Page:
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NBC News
NBC logo.svg
Division of: National Broadcasting Company (NBC)
Key people: Jeff Zucker,
President & CEO
NBC Universal
Steve Capus,
President of NBC News
Brian Williams,
Chief Anchor
Founded: February 21, 1940
Headquarters: New York City, New York, United States
Major Bureaus: World Headquarters,
New York City, New York, United States
West Coast Headquarters,
Burbank, California, United States
Governmental Affairs Headquarters,
Washington, D.C., United States
European Headquarters
London, UK
Area served: Worldwide
Broadcast programs: Dateline NBC
Early Today
Meet the Press
NBC Nightly News
Weekend Today
Parent: NBC Universal
Web Portal:
NBC News logo, 1959-1972.

NBC News is the news division of American television network NBC. Its current president is Steve Capus.




Caravan era

The first American television newscast in history was made by NBC News on February 21, 1940, anchored by Lowell Thomas and airing weeknights at 6:45 pm.[1] In 1948, NBC teamed up with Life magazine to provide election night coverage of President Harry S. Truman's surprising victory over New York Gov. Thomas E. Dewey. The television audience was small, but NBC's share in New York was double that of any other outlet.[2] The following year, the Camel News Caravan, anchored by John Cameron Swayze, began on NBC. Lacking the graphics and technology of later years, it nonetheless contained many of the elements of modern newscasts.[3] NBC hired its own film crews and in the program's early years, it dominated CBS's competing program, which did not hire its own film crews until 1953.[3] (By contrast, CBS spent lavishly on Edward R. Murrow's weekly series, See It Now.[3]) In 1950, David Brinkley began serving as the program's Washington correspondent but attracted little attention outside the network until paired with Chet Huntley in 1956.[4] In 1955, the Camel News Caravan fell behind CBS's Douglas Edwards with the News, and Swayze lost the already tepid support of NBC executives.[3] The following year, NBC replaced the program with the Huntley-Brinkley Report.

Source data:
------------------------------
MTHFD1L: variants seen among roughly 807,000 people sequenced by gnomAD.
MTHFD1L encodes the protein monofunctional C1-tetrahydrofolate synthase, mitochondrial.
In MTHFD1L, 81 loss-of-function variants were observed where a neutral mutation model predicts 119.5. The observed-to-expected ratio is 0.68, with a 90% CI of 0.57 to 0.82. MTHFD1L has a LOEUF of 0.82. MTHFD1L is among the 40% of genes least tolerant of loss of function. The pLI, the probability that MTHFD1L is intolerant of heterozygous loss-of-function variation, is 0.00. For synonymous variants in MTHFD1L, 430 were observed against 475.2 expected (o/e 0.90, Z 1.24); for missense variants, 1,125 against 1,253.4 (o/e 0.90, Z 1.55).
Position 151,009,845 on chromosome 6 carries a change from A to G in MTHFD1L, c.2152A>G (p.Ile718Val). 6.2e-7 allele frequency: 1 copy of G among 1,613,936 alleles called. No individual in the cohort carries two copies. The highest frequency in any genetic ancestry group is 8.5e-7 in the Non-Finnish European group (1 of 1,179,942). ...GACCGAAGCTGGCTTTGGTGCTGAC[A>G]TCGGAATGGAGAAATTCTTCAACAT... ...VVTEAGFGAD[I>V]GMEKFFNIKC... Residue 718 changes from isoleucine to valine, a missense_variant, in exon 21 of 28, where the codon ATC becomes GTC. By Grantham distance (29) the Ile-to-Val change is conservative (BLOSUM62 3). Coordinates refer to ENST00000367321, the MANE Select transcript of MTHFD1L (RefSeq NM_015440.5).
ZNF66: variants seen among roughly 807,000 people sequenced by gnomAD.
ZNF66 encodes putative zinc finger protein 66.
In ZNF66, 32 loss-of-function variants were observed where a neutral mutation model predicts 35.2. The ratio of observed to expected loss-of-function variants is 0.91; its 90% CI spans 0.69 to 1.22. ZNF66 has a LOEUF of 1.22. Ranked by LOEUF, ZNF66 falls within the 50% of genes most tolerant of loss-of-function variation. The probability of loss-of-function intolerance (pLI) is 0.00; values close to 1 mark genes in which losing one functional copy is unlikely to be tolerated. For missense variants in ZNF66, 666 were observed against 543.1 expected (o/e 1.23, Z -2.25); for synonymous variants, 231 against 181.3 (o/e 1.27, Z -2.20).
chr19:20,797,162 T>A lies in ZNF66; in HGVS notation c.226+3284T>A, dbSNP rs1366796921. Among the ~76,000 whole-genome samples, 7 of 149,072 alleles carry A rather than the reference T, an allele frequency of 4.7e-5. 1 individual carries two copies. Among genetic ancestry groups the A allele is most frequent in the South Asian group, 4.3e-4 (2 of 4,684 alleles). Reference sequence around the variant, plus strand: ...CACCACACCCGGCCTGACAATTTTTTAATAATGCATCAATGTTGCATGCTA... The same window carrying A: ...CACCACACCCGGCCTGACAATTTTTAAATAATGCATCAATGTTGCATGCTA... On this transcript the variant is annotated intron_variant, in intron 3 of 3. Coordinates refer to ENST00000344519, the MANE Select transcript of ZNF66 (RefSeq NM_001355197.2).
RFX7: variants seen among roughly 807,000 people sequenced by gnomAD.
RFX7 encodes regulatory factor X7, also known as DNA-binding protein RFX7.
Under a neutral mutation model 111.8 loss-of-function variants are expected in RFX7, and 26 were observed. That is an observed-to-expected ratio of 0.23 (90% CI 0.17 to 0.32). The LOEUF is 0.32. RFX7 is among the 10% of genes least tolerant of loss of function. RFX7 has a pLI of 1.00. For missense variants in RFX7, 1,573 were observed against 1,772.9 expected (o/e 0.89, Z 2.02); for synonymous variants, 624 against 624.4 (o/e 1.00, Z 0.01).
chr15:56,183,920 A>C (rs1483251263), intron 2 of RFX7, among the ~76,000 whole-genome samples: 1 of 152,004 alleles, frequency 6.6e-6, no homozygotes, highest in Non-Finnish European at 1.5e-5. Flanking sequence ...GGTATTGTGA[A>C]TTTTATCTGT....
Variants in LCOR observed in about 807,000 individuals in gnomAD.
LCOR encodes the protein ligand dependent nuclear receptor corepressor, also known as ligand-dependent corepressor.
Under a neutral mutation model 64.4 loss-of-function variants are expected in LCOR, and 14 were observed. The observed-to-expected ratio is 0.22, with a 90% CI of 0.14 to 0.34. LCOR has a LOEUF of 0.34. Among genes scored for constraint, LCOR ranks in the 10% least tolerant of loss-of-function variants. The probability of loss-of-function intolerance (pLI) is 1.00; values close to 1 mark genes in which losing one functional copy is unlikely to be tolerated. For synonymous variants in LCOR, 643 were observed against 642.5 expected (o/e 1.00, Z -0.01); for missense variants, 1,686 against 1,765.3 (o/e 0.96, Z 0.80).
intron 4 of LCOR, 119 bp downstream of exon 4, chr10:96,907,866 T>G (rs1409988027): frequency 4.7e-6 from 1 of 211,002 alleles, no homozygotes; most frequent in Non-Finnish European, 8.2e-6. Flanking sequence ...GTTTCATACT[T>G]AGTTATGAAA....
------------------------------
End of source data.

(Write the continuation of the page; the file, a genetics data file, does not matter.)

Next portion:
Beginning in 1951, NBC News was managed by Bill McAndrew, Director of News, who reported to J. Davidson Taylor, Vice President of News and Public Affairs.[5]

Huntley-Brinkley era

As television assumed an increasingly prominent role in American family life in the late 1950s, NBC News became television's "champion of news coverage."[6] NBC President Robert Kintner believed that a dominant NBC News could lift his entire network to the top, and he provided the news division with ample amounts of both financial resources and air time.[3] In 1956, the network paired anchors Chet Huntley and David Brinkley, and the two went on to acquire great celebrity.[4] They were supported by a strong bench of reporters that over time included John Chancellor, Frank McGee, Edwin Newman, Sander Vanocur, Nancy Dickerson, Tom Pettit, and Ray Scherer.

Created by producer Reuven Frank, NBC's Huntley-Brinkley Report, anchored by the team of Chet Huntley in New York and David Brinkley in Washington, began in 1956 and soon set the standard for evening news programs. During much of its 14-year run, it exceeded the viewership levels attained by its CBS News competition, anchored initially by Douglas Edwards and, beginning in 1962, by Walter Cronkite.

NBC stood out for its reporting on the civil rights movement. NBC's Vice President of News and Public Affairs, J. Davidson Taylor, was a Southerner who understood the importance of the story, and he and producer Reuven Frank were determined that NBC would lead television's coverage of it.[7] In 1955, NBC provided national coverage of the young Rev. Martin Luther King, Jr.'s leadership of the bus boycott in Montgomery, Alabama, airing reports from Frank McGee, then news director of WSFA-TV, NBC's Montgomery affiliate, and soon to join the network.[8] A year later, John Chancellor's coverage of the admission of black students to Central High School in Little Rock, Arkansas provided the first occasion when the signature reporter on a story came from television rather than print[8] and prompted a prominent U.S. senator to observe later, "When I think of Little Rock, I think of John Chancellor."[5] Other reporters who covered the movement for the network included Sander Vanocur, Herbert Kaplow, Charles Quinn, and Richard Valeriani.[7] Valeriani suffered a serious head injury when hit with an ax handle at a demonstration in Marion, Alabama in 1965.[9]